Yesterday’s trading brought with it some big winners and some big losers.
In a volatile day that saw many energy stocks posting strong returns and many gold stocks get hit as the U.S. dollar strengthened off positive U.S. GDP data, we also saw something else that is interesting.
For now, it’s all about valuation.
In Canopy’s case, I think we are all in agreement that the potential for the marijuana market is massive, but with estimates currently forecasting the medical market to grow to over $1 billion by 2024, and the recreational market to grow potentially as high as $5-10 billion, and with so much that is yet to be established in this industry, I think these estimates need to be taken with a grain of salt.
By their very nature, estimates come with a margin of error. And in this case, the margin of error may be higher than we think. Over and above the macro industry picture, if we zero in on the different companies in the space, we have even more uncertainty as to how things will play out.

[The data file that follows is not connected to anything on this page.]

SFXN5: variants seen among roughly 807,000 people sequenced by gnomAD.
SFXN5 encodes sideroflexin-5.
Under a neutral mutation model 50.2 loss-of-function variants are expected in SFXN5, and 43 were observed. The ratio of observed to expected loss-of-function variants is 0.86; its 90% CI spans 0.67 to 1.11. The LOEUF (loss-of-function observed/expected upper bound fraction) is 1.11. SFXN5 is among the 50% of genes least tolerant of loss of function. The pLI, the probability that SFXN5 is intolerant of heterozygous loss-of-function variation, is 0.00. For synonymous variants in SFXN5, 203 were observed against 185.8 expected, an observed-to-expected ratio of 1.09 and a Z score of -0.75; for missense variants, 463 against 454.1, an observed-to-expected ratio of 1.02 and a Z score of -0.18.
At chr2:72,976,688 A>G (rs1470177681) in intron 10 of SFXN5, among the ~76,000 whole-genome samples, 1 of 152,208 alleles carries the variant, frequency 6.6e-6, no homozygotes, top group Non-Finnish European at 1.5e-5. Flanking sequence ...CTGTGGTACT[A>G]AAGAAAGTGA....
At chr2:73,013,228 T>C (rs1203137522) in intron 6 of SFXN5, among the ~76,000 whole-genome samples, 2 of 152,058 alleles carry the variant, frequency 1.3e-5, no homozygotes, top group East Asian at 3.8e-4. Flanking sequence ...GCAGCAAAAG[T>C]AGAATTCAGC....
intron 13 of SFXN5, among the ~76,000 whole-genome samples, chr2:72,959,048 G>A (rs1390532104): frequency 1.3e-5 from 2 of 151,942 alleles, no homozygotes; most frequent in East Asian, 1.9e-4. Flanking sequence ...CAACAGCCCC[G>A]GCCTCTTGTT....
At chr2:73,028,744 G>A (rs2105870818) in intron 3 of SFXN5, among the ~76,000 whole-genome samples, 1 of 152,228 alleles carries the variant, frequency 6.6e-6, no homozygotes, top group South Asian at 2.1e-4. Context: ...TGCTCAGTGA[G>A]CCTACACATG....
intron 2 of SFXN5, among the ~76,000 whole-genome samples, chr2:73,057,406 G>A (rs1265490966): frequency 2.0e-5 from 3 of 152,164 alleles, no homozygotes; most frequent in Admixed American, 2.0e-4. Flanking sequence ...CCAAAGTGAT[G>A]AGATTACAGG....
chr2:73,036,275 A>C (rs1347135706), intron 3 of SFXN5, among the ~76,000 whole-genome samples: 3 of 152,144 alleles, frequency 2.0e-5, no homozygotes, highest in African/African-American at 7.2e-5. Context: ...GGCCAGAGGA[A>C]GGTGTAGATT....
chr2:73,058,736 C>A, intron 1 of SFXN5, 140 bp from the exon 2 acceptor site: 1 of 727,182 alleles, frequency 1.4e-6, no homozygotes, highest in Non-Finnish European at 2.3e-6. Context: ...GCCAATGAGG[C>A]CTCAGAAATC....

As we know, sometimes the first companies in a new industry are not the ones to survive and thrive.
The stock trades at a price-to-sales multiple of over 60 times, which is down from recent history earlier this year due to the stock price declining, but to me, it is still reminiscent of the dot.com era.
I continue to recommend remaining on the sidelines and waiting for valuation and the risk in the stock to decline. I will gladly miss out on the possibility of more upside because the downside risk is disproportionately large, in my view.
Shopify was also down big yesterday, and I think it was as a result of its valuation. The stock now trades at a price-to-sales multiple of 19.5 times, and while consensus estimates are calling for the company to be earnings positive in 2017, if we start looking at price-to-earnings multiples, the excessive valuation levels become crystal clear.
This leads me to question if too much is baked in to the shares and if the valuation has gotten ahead of itself. And I think it has.
Again, while both of these companies are in very promising industries and markets, there comes a time when valuation levels mean that the downside risk to shareholders, at least in the shorter term, is too high.